The Trevi Fountain stands quiet and undisturbed.
A similar story is told all over the world.
Rivers run clear of traffic again. Monkeys roam deserted streets. Air pollution declines.
Therefore, has the COVID-19 pandemic hit the reset button on over-tourism?
Responsible travellers must discuss how this pandemic can lead to greater eco-friendly tourism.
This article will look at the environmental impacts of mass travel including overcrowding and pollution.
We will look at how global travel can adapt to avoid repeating the mistakes of the past.
Let’s dive in.
The impact of over-tourism can be felt all over the world.
In 2018, Italy recorded a yearly visitor high of 63 million tourists – equal to 172,000 tourists a day.
The Italian government proposed additional tourist taxes and fines to restrict tourism to manageable levels.
The observation of extreme environmental damage led to the temporary closure of Boracay to tourists.
Sihanoukville suffered irreparable damage from two decades of wealthy Chinese tourism.
Intrepid Travel has, therefore, removed the destination from their Cambodian itinerary.
These are just glimpses into the significant effects of over-tourism.
The travel community has often considered the growing need for eco-sustainability.
Can we reduce our carbon footprint by taking fewer flights when travelling?
From visiting less populated cities to exploring off-the-beaten-track destinations, responsible travellers are addressing the concerns of overcrowding and the climate crisis.
Travellers are now looking into alternative means of transport even if it results in longer overall travel time.
This could involve travelling by ferry or other public transport including trains.
If there are no alternatives to flying, we can look at ways to offset the carbon impact of our flights.
One of the most important steps forward has been the switch to eco-friendly reusable water bottles.
Switching to a plastic free alternative helps reduce plastic pollution and influences others to do the same.
The Vietnamese capital city Ho Chi Minh has introduced a new initiative called Refill My Bottle Vietnam.
Reusable water fountains were installed in over fifty locations around the city.
This significantly reduced the need for single use plastic bottles among locals and visitors.
The ethical treatment of animals has made notable progress in recent years.
A decade ago, visitors to Thailand would jump at the chance to ride elephants or take photos with monkeys in dresses.
In 2020, most tourists will only visit an elephant sanctuary so long as the animals are ethically treated.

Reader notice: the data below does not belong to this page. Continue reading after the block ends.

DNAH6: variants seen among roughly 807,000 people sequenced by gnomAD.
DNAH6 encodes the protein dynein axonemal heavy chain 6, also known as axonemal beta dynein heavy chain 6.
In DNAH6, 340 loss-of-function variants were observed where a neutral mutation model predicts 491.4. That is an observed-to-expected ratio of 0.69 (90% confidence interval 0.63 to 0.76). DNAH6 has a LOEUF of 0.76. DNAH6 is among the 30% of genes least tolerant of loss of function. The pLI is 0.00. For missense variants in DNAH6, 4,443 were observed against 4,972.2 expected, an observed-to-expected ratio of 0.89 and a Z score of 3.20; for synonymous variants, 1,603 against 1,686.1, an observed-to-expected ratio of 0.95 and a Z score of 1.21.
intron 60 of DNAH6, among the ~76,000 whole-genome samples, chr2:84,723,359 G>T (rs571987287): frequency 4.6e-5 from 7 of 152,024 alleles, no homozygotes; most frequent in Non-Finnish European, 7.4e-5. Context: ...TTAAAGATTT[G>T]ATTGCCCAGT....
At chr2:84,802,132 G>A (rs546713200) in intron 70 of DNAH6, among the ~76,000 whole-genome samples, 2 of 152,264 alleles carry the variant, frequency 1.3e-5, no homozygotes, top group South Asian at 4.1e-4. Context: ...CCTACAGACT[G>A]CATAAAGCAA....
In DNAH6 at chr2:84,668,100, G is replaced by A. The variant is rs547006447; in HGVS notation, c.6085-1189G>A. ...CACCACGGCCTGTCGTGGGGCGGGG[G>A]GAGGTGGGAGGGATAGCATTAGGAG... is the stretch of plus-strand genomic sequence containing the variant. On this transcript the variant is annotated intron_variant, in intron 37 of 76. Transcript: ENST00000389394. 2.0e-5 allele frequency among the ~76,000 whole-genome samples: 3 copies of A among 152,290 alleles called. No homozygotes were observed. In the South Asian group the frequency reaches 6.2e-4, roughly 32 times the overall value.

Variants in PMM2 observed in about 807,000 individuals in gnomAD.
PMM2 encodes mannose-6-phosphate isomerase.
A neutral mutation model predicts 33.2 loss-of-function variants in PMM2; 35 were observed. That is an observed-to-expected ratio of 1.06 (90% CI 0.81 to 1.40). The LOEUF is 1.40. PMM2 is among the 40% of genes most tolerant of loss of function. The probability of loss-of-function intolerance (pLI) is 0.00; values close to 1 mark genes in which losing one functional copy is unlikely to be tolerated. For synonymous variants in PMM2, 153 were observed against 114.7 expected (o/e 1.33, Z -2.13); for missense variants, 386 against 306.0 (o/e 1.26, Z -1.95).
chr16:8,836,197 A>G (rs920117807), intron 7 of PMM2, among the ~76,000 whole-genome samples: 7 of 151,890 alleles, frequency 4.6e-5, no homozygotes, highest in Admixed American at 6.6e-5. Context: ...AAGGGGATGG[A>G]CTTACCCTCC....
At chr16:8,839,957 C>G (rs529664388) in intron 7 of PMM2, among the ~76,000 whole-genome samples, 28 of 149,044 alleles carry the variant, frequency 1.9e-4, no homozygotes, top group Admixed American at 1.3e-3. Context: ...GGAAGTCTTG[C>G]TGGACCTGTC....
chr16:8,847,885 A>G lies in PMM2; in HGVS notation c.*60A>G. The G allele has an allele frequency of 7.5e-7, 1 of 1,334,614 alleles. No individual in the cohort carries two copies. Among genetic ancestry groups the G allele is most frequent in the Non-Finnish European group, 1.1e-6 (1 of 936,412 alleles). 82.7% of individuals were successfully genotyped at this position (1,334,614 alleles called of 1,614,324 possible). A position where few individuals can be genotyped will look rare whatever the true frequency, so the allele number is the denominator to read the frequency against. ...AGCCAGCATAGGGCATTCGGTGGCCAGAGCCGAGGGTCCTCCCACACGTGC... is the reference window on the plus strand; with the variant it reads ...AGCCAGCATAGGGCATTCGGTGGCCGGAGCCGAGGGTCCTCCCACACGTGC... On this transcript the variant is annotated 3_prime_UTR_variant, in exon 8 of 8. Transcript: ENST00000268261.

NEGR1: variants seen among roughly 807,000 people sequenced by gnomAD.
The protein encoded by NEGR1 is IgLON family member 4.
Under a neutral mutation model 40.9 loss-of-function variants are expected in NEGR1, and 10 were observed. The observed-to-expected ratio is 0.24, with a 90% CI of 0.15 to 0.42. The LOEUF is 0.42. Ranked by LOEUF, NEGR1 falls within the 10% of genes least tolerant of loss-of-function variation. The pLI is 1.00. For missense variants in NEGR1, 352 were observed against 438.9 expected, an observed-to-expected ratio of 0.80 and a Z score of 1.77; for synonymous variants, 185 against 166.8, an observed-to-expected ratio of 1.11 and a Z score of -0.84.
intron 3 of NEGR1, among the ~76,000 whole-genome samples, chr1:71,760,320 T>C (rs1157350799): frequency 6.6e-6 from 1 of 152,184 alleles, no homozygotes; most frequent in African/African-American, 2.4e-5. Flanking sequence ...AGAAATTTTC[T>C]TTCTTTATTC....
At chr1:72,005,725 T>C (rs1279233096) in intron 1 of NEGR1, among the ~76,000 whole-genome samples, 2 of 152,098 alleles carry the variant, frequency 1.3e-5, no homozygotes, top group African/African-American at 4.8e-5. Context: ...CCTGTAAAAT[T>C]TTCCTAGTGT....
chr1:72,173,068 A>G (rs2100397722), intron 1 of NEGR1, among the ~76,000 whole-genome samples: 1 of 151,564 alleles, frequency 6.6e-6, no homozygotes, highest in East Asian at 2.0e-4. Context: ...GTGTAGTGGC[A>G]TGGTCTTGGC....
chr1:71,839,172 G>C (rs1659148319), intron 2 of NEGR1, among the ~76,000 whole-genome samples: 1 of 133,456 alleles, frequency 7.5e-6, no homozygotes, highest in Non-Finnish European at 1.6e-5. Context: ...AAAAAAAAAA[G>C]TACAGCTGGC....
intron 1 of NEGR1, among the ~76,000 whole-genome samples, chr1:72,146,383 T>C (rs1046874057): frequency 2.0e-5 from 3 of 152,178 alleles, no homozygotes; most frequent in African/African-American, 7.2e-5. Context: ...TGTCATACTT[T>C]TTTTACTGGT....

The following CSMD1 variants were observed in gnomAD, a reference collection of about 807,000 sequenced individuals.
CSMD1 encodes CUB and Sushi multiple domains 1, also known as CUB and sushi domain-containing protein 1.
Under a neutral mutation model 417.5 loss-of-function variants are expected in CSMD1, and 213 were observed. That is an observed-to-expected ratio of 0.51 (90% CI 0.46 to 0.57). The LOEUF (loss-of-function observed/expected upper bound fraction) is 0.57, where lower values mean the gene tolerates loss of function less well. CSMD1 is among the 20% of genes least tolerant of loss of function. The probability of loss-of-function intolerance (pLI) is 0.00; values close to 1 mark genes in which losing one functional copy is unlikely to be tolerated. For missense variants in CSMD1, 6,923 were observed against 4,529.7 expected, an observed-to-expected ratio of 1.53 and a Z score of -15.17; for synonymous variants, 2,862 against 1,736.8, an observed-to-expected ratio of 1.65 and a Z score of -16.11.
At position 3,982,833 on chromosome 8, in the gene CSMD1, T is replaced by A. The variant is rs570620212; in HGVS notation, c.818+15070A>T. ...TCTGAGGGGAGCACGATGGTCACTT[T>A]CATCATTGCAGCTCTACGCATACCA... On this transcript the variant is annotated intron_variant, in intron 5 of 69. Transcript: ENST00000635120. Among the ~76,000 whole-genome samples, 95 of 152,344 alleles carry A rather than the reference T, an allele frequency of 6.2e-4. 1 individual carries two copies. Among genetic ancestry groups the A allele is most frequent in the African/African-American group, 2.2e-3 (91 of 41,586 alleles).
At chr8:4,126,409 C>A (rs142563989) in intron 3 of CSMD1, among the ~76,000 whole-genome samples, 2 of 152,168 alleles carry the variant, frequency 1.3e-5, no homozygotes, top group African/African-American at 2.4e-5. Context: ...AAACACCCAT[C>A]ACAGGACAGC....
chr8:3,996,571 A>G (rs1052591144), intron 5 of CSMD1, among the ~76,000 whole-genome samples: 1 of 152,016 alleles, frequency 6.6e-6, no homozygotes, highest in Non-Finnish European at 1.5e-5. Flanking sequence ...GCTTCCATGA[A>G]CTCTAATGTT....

The mistreatment of animals for comedic value is rightly condemned.
Sir David Attenborough-fronted nature documentaries have changed how we view the animals who share our planet.
We prefer to observe animals in their natural habitat over circus tricks.
We are a new breed of traveller. A considerate and sustainable group of people.
Rejecting commercial hotel chains, we’ve seen travellers switch to family run b&b’s and other local accommodation options.
This directly benefits the local community and supports people over global corporations.
Travellers increasingly understand the value of supporting local businesses and local communities.
Thus helping to reduce travellers’ carbon footprint.
It’s clear this wasn’t enough.
Changes were too slow to take effect and iconic destinations still felt the destructive impact of heavy tourism.
Pollution continues to choke the planet and palm oil plantations threaten our forests and their inhabitants.
Perhaps urgent natural intervention was needed?
Under the threat of Coronavirus, many international borders in the world have closed.
Arguably, the pandemic may cause a significant change in the worldwide approach to climate change.
We must learn from the mistakes of excessive travel.
The reopening of the borders is a golden opportunity for our species to change the way we travel.
One way is to change where we visit.
It’s time to give the most popular destinations a break so they can recover from heavy tourism.
While some go to the Greek Islands, let’s go to the Derawan Islands instead.
This also provides the chance to broaden our horizons and see new places.
This is our chance for tourism to benefit rural and regional destinations; to aid rice farmers and fruit farmers, help pay the wages of parents, of cooks and of drivers.
Tourism is so important for the local economies.
We can spread wealth around in a fairer, more economically and environmentally sustainable way.
Global travel will return and face us with a simple choice.
Do we continue as before or can we choose the alternative?
Every plane journey impacts the world, the environment and the local communities.
Each time we land in a new destination, we have the chance to help others.
When we travel, we make a difference.
Will we make the right choices when the borders reopen?
It’s up to all of us.
Cassie Ross is a travel writer writing about luxury travel for the everyday budget for The Luxe Backpacker.